All this filled the high priest and the Sadducees with envy and indignation and they accused them of disrupting the peace to the Roman authorities who laid their hands on them and put them in the common prison. But during the night an angel of the Lord opened the prison doors and brought the apostles forth. The angel told them to go and stand and speak in the temple the word of God. So early in the morning the apostles obeyed the angel and came to the temple and began preaching.
In the meantime the high priest had called for the gathering of the great council and called for the prisoners to be brought before him. When the officers came to the prison they found the prison doors shut with the guards standing outside, but when they opened the doors the prison was empty. The officers returned to the council and informed them that the prisoners had miraculously disappeared and they wondered at this new phenomenon and how they should interpret this strange happening. Then someone came and informed them that the apostles were in the temple and teaching the people. The captain of the temple and the officers went and found them and because they feared the people, they brought them without violence to the council. The high priest said to them: Did we not command you that you should not teach in this name? But what have you done, you have filled Jerusalem with your doctrine, and by doing so the people will believe that this man's blood is upon us. In defence Peter and the other apostles replies that they ought to obey God rather than men. The God of our fathers raised up Jesus, whom you slew and hanged on a tree. Him has God exalted with his right hand to be a Prince and a Saviour, for to give repentance to Israel, and forgiveness of sins. And we are his witnesses of these things; and so is also the Holy Ghost, whom God hath given to them that obey him.

Hearing this they were offended and took counsel to slay them. But one Pharisee came to their rescue, His name was Gamaliel, a doctor of the law, who was held in high respect among all the people. He commanded that the apostles leave the court because he wanted to address the council in secret. He then warned the council to be very careful with want they do to these men. He reminded them of past events that came to nought. Before Jesus there was a certain Theudas who boasted that he was somebody and had a following of about four hundred men. When he was slain all his disciples scattered and his sect came to nothing and was forgotten. After him came a Judas of Galilee who rose up in the days of the taxing. This was in the year 6 or 7 AD and was the second censor of the people, the first being mentioned by Luke in the Gospel when Joseph and Mary went to Bethlehem when she was heavy with child and while there gave birth to Jesus. This Judas also managed to persuade many to follow his doctrines but when he also perished all his followers were dispersed. Gamaliel proceeds to tell them that they should leave these men alone because if their preaching is the work of men then sooner of later they will also come to nothing and be forgotten, but if their preaching and healings be from God you cannot overthrow it otherwise you will be found to be fighting God himself.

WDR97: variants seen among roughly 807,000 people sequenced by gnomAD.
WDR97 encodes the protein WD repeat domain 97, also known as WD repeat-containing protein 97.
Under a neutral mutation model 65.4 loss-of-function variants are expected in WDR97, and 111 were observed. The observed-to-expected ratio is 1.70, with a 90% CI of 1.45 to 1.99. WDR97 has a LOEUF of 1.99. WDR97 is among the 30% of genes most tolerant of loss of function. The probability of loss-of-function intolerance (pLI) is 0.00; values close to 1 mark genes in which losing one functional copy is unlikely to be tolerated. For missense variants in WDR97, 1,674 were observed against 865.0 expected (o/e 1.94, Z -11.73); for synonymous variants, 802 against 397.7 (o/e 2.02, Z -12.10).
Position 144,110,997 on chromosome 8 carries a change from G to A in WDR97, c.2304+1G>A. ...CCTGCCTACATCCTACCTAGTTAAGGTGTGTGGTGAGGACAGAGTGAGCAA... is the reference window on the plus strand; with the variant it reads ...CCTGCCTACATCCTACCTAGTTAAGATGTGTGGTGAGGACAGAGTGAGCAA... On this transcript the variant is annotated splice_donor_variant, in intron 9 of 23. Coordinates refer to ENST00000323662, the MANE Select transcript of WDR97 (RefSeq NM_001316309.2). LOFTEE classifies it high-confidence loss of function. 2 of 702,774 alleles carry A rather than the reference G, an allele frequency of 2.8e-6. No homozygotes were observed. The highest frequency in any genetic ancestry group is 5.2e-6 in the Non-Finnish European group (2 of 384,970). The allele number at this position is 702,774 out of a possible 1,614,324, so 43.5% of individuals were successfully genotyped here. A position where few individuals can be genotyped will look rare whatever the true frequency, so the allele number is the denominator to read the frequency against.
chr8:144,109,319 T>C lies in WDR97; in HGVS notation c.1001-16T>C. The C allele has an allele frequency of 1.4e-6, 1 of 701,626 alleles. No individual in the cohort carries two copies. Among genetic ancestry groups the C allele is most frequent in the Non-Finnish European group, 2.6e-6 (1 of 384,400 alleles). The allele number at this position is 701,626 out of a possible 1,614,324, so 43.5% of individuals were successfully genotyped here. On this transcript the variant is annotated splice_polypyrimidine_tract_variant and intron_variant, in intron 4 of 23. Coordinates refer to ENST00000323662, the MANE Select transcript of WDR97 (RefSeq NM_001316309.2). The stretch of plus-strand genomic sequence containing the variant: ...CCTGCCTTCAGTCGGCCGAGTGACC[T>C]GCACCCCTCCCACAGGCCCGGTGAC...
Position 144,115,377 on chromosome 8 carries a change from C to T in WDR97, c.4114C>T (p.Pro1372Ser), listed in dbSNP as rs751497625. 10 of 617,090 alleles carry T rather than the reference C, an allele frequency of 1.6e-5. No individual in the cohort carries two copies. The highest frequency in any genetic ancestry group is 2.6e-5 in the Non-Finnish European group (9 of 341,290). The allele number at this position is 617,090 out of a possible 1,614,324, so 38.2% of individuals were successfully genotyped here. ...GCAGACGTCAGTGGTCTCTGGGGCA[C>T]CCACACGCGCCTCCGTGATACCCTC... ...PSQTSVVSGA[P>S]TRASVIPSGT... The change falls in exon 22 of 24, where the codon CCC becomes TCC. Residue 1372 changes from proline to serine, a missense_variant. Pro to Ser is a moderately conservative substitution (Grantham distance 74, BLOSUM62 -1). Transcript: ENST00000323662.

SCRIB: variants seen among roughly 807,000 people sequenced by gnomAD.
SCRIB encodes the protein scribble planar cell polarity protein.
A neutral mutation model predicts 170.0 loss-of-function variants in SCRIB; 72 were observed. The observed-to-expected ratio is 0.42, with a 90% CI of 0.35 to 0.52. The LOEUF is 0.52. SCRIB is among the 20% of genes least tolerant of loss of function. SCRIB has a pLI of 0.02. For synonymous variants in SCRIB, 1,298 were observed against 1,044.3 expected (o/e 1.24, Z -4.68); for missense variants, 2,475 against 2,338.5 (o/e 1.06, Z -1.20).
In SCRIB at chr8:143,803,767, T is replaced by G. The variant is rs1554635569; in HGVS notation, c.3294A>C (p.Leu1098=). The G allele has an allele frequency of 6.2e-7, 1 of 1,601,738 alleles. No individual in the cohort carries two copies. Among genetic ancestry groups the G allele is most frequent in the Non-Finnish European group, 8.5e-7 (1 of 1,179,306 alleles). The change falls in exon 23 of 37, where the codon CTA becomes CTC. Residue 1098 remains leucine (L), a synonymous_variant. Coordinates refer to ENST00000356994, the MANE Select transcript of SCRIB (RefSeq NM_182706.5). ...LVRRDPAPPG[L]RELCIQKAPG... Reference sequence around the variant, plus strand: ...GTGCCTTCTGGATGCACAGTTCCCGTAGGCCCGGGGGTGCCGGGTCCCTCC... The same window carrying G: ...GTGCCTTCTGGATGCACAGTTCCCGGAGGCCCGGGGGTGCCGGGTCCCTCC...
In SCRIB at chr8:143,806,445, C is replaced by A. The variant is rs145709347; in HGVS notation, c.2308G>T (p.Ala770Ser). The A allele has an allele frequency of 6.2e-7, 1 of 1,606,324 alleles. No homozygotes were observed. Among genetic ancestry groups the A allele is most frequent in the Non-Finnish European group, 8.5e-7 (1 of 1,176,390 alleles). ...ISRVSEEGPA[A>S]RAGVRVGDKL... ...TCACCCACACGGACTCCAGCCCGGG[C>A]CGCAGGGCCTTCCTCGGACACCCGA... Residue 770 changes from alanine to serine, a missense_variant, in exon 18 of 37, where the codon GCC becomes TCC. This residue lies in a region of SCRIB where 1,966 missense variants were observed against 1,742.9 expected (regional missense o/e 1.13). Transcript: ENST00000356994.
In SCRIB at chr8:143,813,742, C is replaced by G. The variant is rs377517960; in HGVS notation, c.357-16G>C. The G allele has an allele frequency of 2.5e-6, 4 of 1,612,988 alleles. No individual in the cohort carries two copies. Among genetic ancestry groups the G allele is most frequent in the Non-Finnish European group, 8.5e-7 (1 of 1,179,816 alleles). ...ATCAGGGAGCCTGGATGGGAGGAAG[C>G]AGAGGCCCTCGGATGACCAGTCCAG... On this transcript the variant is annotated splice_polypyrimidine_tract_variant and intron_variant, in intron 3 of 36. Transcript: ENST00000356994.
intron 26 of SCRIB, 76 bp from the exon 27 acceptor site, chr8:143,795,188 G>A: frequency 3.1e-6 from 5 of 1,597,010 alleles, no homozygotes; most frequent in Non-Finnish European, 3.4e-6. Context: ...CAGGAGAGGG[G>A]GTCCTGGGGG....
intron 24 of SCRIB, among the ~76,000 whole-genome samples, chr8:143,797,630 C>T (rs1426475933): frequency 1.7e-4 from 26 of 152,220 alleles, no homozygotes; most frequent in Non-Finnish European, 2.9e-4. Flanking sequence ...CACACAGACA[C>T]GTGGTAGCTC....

The council agreed with Gamaliel and called the apostles back into the courtroom. They then had them beaten and commanded them that they should not speak in the name of Jesus, and let them go. Luke doesn't tell us how they were beaten because the punishment was well known and written in the book of Deuteronomy. (25:3) Those found as unrighteous by the court and were punished with stripes received exactly 40 beatings with a rod. The apostles of course didn't listen to the demands of the court and continued daily in the temple and in every house teaching and preaching Jesus Christ.
In chapter six, Luke describes certain problems within the ever growing Christian community, problems which the apostles couldn't spend their precious time solving and which led to the election of seven deacons to deal with the internal disputes. The election of the Seven Deacons which the chapter describes is very instructive and reveals to us human weaknesses in the early apostolic Church. It allows us to touch the body of the Church as it took its first historic steps as a society and a community of men: men who in spite of the fact that they had accepted the new faith and had enjoined themselves to the body of the Church, continued to be surrounded with human imperfection and were influenced either by their own passions or by temptations by the evil one.
The Church is not a society for the clean and perfect, but a hospital for the weak. Perfection as a way of life in Christ is the end result which the faithful attempt to achieve. Overcoming human imperfection and achieving perfection beyond the renewing energy of the Holy Spirit, presupposes the continual spiritual struggle of the members of the Church. Thus the complaints and the resentfulness of the Christians of the first Jerusalem community, mentioned in the chapter, come and verify the human element of the Church, which we very often forget about and which is why, even today, we are so easily scandalized by the weaknesses which we observe in people in the ecclesiastical enclosure. The enrolment of the first Christians to the new faith does not mean that they were automatically transformed or that by some magic their way of life and behaviour were completely changed overnight.
Luke begins: "And in those days, when the number of the disciples was multiplied, there arose a murmuring of the Grecians against the Hebrews, because their widows were neglected in the daily ministration."
The Church was still in its infancy and having taken those first baby steps, conflicts began to arise among the members from different ethnic background. From early on, the Christian community began to grow and in spite of the opposition that the Christian Gospel found among official Judaic circles, the number of the members of the Church increased very rapidly. One of the names which from early on was adopted to identify a member of the Church was the name “Disciple”. The name Christian was not adopted until it was first used by the Antiochian Church. Until then the members were called Disciples and the name was to be used widespread later even outside of the Palestinian borders.